Talking to Your Kids About Your Addiction and RecoveryGet Help Now
How To Talk To Your Kids About Addiction?
For a parent, addiction and recovery bring additional challenges starting with how to talk to your kids about what is happening and how they feel in order to help them cope.
Here are a few important points to consider when you’re ready to begin the process. Talking to your kids about your addiction and recovery is first and foremost about listening to them and answering their questions. The children can tell something is going on so it’s best to tackle the issue rather than trying to cover it up despite the difficulty of the conversation. Even young children need to know about addiction or recovery in the family via age appropriate language and topic identification.
- If your child or teen asks you questions about addiction, answer them honestly. In order to avoid overloading them with too much information, try to stick to answering their questions. The goal is to make the recovery process an active and open part of home discussions, so it becomes natural.
- It’s important to keep your sense of guilt in check before engaging in these conversations with your kids.
- Emotional outbursts such as crying will only do more damage and get in the way of their understanding.
- With younger children especially, it can help to compare the addiction and recovery process to someone living with a lifelong chronic illness that can affect a person’s mood, sleeping habits, and doctor visits.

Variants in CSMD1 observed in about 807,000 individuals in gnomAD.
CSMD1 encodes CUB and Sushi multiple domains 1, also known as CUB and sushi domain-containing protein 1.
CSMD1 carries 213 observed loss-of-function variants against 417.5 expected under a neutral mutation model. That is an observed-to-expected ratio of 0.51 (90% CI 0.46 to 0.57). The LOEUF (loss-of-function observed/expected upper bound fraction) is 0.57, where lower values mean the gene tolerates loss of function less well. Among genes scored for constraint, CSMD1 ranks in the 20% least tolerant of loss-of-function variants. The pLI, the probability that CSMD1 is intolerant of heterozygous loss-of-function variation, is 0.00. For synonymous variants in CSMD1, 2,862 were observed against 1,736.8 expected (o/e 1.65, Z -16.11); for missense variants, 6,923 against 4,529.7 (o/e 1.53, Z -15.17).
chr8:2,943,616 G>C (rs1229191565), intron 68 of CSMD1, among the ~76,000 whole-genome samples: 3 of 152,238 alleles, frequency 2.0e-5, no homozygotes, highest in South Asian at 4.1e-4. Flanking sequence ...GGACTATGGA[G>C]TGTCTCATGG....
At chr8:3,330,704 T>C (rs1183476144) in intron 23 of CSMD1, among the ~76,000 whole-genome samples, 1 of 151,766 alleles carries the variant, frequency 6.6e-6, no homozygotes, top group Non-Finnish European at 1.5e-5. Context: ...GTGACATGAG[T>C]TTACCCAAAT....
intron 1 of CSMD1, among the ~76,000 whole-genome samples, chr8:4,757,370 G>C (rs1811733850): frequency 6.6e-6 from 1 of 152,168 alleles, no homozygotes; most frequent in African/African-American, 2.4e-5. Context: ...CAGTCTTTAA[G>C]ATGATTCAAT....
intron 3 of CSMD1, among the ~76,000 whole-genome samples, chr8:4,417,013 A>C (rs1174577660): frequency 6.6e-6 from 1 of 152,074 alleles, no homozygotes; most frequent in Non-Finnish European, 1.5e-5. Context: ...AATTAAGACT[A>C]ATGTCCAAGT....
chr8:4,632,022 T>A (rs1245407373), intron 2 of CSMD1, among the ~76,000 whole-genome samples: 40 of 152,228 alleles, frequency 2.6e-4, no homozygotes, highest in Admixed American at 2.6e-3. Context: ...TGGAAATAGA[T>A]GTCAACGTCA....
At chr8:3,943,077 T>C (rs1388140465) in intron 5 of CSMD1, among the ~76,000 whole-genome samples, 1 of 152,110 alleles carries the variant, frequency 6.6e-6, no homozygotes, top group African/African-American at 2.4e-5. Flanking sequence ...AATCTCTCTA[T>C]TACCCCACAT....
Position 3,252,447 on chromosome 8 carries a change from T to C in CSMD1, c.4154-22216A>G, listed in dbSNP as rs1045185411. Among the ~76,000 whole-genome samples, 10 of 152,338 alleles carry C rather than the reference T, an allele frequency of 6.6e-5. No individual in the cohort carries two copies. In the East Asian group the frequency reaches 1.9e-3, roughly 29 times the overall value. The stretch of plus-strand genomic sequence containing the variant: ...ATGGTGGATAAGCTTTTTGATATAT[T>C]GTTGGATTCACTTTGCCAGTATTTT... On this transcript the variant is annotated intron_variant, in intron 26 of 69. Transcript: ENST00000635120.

How To Talk To Your Kids About Addiction & Recovery?
Though recovery from addiction is not exactly the same, the comparison gives them a baseline point of reference in order to comprehend what is happening with their parent. Just as you need a support system, so too do your children. It is important to provide them with an appropriate person that they can discuss their feelings and how the addiction and recovery is affecting them. This objective outsider should be someone with the proper psychological training to be able to understand the language and atmosphere of recovery. Ultimately, they should be capable of providing the necessary encouragement while actively listening. As a parent, there seems to be an endless number of tough topics to broach with them. Your own addiction and recovery are likely to be among the toughest, but the wellbeing of those you love the most is at stake. Although you will be struggling with guilt about your addiction where your kids are concerned, it’s important to remember that every day that you are taking care of yourself creates a stronger environment for them and you.